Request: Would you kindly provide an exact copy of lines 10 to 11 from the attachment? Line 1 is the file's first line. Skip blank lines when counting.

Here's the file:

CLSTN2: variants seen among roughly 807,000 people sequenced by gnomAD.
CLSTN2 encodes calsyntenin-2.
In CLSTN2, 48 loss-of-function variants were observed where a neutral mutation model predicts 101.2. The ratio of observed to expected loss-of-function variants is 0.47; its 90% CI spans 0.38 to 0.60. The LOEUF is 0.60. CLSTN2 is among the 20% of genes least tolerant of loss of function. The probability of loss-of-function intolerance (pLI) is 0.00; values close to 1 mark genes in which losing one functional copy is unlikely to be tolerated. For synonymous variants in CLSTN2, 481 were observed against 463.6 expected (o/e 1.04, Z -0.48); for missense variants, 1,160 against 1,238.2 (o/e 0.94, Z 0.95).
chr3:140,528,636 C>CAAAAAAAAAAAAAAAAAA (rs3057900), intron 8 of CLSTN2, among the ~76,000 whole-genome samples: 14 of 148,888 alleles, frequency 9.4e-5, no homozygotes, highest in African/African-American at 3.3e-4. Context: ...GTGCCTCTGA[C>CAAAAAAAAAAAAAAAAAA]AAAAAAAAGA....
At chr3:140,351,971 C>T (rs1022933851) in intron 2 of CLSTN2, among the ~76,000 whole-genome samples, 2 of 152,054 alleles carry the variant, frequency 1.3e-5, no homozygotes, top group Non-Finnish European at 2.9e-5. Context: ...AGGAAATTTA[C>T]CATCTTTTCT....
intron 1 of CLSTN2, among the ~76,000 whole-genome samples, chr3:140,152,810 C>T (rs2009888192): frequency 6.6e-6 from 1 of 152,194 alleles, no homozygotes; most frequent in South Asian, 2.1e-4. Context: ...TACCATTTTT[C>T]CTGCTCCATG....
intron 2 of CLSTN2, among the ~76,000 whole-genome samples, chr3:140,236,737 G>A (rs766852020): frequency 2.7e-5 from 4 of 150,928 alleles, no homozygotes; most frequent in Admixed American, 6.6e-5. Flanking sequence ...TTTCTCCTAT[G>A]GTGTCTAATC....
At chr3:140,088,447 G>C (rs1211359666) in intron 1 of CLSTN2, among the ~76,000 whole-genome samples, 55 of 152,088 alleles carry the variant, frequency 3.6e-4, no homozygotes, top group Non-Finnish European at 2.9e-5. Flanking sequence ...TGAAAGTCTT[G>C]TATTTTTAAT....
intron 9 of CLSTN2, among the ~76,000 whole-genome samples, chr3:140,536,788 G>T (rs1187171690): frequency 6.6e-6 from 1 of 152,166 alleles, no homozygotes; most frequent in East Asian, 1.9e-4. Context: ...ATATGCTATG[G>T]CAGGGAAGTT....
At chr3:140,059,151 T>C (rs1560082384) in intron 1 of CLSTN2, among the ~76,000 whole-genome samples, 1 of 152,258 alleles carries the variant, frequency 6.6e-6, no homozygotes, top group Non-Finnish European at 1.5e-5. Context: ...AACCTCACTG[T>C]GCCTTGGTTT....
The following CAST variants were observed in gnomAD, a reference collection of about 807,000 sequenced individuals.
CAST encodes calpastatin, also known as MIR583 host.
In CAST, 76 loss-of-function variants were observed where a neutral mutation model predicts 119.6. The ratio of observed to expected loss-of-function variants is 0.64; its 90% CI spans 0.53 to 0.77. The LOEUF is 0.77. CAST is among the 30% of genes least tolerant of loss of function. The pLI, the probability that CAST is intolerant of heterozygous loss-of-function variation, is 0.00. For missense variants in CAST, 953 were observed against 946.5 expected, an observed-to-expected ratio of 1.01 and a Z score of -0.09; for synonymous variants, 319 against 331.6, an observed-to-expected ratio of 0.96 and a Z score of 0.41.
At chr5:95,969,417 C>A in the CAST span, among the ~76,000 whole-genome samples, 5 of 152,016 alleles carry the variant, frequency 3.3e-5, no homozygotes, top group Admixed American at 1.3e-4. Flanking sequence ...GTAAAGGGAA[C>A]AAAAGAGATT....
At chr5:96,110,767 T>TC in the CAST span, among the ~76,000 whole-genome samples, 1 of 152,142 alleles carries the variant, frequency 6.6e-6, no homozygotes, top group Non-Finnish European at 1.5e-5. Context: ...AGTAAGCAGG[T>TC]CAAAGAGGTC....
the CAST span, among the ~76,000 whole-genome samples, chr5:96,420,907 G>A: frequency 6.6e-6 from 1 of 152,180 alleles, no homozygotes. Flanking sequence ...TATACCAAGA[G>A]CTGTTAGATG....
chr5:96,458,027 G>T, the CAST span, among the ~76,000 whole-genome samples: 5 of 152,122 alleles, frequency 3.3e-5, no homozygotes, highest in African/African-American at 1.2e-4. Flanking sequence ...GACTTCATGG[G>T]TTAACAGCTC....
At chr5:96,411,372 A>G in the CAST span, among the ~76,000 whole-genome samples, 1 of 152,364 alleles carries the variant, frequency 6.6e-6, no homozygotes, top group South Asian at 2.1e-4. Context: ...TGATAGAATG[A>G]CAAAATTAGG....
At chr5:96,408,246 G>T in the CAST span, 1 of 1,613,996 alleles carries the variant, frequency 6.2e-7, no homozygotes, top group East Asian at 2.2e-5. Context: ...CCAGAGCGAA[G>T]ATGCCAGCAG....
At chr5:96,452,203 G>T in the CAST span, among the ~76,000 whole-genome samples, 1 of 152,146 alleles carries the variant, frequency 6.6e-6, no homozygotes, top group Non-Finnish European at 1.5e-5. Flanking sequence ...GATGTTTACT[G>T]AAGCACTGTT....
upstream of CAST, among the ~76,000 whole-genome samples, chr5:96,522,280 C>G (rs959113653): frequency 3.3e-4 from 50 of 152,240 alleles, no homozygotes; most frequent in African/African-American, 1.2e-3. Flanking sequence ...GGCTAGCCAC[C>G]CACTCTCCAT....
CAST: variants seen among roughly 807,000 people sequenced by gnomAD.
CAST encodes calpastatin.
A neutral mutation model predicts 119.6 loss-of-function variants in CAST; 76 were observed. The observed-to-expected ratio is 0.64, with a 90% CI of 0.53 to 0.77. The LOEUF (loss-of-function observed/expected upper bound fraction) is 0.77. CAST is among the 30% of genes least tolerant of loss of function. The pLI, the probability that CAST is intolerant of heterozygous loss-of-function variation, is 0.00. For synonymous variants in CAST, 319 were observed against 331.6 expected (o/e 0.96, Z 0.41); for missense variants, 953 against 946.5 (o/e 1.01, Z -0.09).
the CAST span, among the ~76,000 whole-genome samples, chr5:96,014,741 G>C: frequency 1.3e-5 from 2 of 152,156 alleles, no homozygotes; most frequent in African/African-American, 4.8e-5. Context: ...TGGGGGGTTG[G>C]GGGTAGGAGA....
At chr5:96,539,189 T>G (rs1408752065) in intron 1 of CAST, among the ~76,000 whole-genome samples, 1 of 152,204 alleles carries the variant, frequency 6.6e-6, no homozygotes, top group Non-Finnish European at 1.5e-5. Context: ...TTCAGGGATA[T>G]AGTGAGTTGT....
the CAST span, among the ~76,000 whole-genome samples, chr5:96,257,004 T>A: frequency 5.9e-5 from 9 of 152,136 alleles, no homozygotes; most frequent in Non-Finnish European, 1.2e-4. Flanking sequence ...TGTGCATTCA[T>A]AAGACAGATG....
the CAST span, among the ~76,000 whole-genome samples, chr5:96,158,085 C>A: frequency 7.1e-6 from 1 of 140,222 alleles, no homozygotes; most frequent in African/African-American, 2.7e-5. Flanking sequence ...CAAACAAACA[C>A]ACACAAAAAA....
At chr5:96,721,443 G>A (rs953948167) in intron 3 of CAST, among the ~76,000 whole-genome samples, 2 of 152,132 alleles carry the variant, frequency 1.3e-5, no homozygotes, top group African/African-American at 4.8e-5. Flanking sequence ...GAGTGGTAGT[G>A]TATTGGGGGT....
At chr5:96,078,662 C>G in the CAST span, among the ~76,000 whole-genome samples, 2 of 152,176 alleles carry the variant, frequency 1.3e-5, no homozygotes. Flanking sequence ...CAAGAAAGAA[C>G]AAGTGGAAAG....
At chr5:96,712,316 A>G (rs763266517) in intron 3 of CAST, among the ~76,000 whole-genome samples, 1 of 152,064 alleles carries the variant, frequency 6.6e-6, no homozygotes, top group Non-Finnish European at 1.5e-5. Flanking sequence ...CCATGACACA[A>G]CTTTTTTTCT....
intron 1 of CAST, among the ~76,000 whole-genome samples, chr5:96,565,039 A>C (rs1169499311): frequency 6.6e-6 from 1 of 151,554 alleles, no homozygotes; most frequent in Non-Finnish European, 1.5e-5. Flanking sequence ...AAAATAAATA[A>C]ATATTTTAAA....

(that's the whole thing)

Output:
At chr3:140,059,151 T>C (rs1560082384) in intron 1 of CLSTN2, among the ~76,000 whole-genome samples, 1 of 152,258 alleles carries the variant, frequency 6.6e-6, no homozygotes, top group Non-Finnish European at 1.5e-5. Context: ...AACCTCACTG[T>C]GCCTTGGTTT....
The following CAST variants were observed in gnomAD, a reference collection of about 807,000 sequenced individuals.